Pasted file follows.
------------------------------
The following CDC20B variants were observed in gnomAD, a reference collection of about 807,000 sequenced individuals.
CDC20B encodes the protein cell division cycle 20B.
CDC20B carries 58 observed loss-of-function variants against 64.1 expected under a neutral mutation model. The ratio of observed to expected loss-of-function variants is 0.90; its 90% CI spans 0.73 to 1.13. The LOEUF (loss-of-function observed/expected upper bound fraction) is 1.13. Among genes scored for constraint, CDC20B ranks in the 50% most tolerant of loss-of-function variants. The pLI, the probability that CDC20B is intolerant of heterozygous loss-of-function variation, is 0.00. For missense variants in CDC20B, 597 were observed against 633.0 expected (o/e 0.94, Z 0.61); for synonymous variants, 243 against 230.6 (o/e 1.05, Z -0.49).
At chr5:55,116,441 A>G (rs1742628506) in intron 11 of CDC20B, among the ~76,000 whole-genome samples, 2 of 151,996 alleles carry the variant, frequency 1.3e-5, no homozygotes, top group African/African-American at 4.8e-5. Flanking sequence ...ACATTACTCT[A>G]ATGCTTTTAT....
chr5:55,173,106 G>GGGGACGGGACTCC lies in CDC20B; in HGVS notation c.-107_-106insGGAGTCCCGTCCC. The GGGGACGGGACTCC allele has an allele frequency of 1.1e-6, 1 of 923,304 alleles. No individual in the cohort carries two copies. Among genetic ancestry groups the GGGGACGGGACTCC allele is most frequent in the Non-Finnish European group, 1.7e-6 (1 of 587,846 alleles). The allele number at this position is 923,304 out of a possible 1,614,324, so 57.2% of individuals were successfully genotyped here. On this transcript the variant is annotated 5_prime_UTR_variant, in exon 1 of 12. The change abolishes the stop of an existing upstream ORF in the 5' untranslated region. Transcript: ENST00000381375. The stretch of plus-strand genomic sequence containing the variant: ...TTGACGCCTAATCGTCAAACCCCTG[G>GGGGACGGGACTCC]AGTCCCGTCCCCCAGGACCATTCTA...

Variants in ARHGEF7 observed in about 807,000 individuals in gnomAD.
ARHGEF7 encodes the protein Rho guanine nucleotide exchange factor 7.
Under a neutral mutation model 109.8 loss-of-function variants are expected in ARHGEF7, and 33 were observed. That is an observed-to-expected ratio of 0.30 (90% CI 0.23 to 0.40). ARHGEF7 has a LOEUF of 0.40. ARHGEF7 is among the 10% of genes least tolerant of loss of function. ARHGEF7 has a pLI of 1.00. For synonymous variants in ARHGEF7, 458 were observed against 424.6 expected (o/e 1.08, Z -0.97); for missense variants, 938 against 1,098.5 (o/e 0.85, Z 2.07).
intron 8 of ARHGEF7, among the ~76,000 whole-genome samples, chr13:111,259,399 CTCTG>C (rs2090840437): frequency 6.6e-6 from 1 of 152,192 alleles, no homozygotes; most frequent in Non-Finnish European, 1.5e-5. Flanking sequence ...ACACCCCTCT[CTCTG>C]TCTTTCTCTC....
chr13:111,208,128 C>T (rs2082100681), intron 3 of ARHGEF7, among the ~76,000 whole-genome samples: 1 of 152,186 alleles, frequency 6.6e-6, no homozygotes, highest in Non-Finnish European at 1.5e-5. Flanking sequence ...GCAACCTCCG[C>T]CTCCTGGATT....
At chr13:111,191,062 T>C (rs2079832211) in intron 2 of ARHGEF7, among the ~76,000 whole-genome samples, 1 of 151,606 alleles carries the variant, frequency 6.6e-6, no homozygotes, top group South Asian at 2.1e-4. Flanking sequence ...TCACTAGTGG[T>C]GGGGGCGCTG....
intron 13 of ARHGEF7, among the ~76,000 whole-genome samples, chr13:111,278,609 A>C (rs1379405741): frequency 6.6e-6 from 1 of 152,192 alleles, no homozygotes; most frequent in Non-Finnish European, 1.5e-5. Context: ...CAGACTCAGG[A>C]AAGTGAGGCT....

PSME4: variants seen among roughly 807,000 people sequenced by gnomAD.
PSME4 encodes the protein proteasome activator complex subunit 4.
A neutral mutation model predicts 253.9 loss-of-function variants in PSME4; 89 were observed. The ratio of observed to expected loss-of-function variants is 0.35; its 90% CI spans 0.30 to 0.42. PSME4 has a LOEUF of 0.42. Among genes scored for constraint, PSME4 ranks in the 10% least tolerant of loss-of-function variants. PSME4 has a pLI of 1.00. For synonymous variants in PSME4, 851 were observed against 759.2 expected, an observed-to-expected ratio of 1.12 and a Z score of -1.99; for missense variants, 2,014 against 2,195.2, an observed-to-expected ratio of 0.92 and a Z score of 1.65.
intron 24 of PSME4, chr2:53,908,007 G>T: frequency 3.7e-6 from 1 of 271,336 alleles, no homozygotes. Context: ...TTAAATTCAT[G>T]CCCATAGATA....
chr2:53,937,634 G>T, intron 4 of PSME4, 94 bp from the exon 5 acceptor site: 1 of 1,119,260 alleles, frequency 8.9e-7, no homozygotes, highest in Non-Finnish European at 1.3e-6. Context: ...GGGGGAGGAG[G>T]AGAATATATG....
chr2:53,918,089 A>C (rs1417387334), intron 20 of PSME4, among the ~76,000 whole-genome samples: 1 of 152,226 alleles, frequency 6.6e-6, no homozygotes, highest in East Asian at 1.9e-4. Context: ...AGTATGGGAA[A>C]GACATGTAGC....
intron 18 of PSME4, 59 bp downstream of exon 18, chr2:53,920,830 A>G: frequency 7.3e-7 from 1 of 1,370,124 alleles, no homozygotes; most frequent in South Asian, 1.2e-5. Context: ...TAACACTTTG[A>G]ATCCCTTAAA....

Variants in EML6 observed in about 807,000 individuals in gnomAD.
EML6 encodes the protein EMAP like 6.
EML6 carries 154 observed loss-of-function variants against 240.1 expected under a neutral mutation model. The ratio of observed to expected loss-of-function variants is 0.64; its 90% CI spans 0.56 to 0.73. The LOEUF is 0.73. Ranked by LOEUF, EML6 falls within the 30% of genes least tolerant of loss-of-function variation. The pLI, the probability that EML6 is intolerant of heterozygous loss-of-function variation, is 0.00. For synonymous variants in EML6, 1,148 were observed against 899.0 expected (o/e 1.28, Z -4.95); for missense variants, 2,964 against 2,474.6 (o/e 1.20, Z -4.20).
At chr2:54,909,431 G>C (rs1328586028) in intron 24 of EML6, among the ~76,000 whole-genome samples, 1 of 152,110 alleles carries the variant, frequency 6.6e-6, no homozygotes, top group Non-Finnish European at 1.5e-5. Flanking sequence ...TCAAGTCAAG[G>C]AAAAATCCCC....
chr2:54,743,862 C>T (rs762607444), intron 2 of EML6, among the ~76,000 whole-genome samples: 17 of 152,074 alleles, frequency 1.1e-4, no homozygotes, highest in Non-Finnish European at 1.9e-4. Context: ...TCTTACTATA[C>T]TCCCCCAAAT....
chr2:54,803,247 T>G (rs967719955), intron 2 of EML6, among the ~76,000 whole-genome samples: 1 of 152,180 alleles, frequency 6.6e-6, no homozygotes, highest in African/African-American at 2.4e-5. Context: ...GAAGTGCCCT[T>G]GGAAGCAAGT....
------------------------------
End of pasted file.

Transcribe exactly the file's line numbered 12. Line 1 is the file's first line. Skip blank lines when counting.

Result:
intron 13 of ARHGEF7, among the ~76,000 whole-genome samples, chr13:111,278,609 A>C (rs1379405741): frequency 6.6e-6 from 1 of 152,192 alleles, no homozygotes; most frequent in Non-Finnish European, 1.5e-5. Context: ...CAGACTCAGG[A>C]AAGTGAGGCT....